Apple's iOS 12 Security Feature Could Stop Police Snooping Your iPhone Data

The tool could be used to protect against GrayKey.

Unsplash / Hilthart Pedersen

Apple is planning to protect its customers’ data with a new toggle in iOS 12, the company confirmed on Wednesday. The upcoming software update will allow users to stop USB accessories from connecting to the device if the phone has been locked for more than an hour, a feature that could stop law enforcement tools like GrayKey from accessing the device.

The feature, enabled by default in the initial beta version that was shared with developers at WWDC 2018 earlier this month, means that a user would need to unlock their phone to use an accessory if too long has passed since the last unlock attempt. The phone will still charge as that does not require a data connection, but other elements like data transfer will be blocked. The feature is located under “Touch ID & Passcode” in the “Settings” app. It’s expected to protect against the GrayKey device, a black box with two Lightning cables and three status lights, used by law enforcement agencies to crack iPhone encryption and retrieve data.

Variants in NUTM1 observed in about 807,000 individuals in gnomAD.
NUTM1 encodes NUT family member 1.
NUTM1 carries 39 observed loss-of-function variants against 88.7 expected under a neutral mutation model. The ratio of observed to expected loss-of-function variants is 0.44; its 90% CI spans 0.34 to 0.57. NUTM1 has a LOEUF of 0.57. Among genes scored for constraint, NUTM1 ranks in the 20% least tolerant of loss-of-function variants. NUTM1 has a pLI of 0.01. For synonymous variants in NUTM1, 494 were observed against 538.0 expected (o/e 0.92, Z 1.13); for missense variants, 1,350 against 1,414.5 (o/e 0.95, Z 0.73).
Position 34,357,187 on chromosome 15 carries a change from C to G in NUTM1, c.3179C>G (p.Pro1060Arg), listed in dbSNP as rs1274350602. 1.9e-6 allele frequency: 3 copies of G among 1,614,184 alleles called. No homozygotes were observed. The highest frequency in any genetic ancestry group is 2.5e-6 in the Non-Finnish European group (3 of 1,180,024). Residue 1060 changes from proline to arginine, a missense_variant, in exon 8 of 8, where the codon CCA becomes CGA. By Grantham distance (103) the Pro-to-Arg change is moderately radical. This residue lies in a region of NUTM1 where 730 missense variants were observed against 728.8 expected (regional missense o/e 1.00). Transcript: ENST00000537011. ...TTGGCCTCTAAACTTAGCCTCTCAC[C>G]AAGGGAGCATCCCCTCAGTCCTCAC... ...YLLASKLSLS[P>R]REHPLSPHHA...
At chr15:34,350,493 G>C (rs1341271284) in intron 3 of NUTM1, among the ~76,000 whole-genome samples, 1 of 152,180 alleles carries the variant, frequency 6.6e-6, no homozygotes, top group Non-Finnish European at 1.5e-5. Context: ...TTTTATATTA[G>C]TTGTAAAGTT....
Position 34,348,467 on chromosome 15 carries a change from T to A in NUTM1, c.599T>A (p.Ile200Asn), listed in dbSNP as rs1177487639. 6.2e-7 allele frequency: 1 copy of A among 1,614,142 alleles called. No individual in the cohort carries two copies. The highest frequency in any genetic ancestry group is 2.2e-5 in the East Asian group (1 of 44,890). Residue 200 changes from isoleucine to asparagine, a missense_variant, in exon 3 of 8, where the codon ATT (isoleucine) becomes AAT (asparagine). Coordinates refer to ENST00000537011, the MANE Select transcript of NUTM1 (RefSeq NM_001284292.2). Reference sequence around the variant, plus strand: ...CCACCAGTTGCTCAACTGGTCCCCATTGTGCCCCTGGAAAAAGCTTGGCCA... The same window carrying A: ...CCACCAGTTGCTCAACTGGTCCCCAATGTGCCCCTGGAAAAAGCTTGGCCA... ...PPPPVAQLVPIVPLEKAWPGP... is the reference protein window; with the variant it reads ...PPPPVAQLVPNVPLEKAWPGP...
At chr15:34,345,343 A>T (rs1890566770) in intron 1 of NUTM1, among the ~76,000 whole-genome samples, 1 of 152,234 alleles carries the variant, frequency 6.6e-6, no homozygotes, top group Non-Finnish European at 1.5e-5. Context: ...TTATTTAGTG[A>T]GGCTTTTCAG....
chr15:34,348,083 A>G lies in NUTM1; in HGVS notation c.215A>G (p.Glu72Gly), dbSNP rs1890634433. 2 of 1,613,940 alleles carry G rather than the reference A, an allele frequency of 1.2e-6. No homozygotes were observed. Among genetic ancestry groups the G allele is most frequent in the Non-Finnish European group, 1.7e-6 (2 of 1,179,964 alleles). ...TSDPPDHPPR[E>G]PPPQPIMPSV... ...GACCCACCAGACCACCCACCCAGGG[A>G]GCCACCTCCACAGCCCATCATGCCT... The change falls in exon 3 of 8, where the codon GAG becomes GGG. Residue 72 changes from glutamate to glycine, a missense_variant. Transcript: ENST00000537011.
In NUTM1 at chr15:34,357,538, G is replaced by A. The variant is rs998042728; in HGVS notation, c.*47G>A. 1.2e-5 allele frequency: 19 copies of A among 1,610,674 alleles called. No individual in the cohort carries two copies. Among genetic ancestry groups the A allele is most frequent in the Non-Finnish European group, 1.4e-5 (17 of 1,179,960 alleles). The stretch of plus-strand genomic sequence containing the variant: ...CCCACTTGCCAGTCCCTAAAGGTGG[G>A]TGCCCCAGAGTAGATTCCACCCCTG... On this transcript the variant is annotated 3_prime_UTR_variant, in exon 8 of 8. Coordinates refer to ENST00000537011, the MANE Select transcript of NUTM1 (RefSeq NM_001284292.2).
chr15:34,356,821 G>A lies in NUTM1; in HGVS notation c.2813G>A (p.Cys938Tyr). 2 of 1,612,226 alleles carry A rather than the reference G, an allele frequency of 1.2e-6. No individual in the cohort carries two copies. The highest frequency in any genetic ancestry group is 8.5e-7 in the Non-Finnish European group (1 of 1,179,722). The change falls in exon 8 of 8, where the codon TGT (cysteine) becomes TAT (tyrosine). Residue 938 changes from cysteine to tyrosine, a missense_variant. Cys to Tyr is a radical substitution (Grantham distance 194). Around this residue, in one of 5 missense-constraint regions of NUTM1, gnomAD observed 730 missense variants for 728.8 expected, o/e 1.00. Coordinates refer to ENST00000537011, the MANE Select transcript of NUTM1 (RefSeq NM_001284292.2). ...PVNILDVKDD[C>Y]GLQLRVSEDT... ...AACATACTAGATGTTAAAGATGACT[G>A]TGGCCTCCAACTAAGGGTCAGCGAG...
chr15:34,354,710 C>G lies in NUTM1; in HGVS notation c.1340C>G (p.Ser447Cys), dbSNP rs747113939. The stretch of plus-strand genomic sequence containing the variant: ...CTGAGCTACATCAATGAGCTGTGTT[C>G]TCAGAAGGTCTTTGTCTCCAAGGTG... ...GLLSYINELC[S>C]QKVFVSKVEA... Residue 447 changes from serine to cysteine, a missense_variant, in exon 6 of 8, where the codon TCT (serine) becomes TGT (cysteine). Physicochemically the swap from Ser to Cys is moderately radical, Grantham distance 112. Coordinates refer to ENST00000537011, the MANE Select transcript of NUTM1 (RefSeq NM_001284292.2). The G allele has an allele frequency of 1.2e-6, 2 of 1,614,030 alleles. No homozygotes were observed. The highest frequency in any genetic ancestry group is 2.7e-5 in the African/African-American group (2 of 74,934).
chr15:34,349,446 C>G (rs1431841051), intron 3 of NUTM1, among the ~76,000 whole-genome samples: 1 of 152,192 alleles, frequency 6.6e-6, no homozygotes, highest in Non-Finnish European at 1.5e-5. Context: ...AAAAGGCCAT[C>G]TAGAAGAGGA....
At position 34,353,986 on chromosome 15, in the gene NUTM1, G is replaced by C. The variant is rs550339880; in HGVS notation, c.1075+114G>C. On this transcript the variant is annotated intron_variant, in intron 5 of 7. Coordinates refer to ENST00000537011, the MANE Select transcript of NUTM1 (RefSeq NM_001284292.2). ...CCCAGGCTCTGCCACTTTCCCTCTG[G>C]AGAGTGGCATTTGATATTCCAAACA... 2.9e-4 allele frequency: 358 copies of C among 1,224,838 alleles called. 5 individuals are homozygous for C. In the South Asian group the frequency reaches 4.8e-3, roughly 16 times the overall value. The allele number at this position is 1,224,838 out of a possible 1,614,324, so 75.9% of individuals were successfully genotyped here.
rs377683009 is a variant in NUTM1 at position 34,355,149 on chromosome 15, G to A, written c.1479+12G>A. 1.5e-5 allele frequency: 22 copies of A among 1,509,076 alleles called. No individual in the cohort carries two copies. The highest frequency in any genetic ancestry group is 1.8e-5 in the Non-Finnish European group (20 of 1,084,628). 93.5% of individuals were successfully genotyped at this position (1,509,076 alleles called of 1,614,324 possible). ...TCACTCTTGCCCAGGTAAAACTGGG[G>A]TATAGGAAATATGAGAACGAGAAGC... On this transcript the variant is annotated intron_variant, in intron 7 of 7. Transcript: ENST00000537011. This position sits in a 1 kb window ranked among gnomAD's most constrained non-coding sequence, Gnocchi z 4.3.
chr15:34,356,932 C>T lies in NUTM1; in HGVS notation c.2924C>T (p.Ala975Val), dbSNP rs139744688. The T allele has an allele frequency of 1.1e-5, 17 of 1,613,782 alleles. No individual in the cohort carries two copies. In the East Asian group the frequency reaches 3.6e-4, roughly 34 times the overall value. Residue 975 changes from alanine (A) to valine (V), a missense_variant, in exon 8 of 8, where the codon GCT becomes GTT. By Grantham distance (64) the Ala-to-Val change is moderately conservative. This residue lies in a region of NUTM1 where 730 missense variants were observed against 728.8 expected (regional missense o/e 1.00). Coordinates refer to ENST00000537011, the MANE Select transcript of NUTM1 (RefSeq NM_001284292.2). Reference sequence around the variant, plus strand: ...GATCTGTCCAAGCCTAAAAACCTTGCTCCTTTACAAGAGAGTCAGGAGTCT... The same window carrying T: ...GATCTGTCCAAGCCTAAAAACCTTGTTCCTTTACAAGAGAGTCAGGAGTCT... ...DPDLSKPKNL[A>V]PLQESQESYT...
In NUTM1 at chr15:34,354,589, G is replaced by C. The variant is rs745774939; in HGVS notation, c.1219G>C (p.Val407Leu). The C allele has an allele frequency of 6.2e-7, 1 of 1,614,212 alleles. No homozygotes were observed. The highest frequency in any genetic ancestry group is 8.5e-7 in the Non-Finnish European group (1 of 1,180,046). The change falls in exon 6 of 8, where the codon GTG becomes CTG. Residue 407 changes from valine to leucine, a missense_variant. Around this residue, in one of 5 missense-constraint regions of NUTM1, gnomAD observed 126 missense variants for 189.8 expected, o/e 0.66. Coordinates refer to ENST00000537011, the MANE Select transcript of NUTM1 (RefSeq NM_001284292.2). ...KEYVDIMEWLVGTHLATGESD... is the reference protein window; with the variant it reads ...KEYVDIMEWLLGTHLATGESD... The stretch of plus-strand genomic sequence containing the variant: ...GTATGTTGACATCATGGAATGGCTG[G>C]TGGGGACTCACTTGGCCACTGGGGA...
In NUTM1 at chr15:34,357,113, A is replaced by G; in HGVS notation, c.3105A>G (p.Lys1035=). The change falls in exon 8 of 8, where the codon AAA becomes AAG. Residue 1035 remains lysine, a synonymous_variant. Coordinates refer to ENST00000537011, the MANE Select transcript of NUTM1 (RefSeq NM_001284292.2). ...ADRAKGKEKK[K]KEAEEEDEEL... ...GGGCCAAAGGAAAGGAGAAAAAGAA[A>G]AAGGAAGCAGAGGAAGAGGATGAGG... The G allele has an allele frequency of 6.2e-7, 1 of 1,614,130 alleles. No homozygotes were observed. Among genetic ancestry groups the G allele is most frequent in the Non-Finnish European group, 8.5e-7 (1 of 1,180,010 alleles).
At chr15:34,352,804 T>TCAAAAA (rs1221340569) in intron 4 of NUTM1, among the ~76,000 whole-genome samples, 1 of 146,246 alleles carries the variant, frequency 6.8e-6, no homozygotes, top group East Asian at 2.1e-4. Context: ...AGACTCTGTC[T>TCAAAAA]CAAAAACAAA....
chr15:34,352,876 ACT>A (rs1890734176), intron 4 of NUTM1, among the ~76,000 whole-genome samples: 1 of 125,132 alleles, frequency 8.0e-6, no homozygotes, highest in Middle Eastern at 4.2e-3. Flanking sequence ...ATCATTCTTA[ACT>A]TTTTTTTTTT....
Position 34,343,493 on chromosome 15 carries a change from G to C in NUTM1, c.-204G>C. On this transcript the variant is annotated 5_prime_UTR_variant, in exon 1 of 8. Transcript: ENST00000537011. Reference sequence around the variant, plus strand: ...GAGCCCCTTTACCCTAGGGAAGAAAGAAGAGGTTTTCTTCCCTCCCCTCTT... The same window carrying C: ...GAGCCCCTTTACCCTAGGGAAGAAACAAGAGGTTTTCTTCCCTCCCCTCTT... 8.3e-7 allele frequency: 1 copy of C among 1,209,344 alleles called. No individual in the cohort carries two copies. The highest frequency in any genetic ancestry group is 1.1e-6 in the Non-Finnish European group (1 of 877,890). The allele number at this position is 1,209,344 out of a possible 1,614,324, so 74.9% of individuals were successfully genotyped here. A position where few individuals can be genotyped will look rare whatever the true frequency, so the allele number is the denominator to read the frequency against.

The feature has met a frosty reception from those agencies. Chuck Cohen, head of an Indiana State Police task force aimed at protecting children against internet crimes, told the New York Times that the agency used the box 96 times last year, and that “if we go back to the situation where we again don’t have access, now we know directly all the evidence we’ve lost and all the kids we can’t put into a position of safety.”

iOS 12 is set to bring a slew of new features to Apple’s devices, including a book-reading app redesign, augmented reality features, and faster speeds for older devices like the iPhone 6 with more intelligent processor usage. But privacy is shaping up to be one of its biggest selling points: beyond GrayKey, Apple plans an anti-tracking tool that will stop sites from following users from place to place.

iOS 12 is set to launch with macOS Mojave, watchOS 5, and tvOS 12 in the fall.

It’s unclear, though, how the debate between law enforcement and Apple will play out in the long term.

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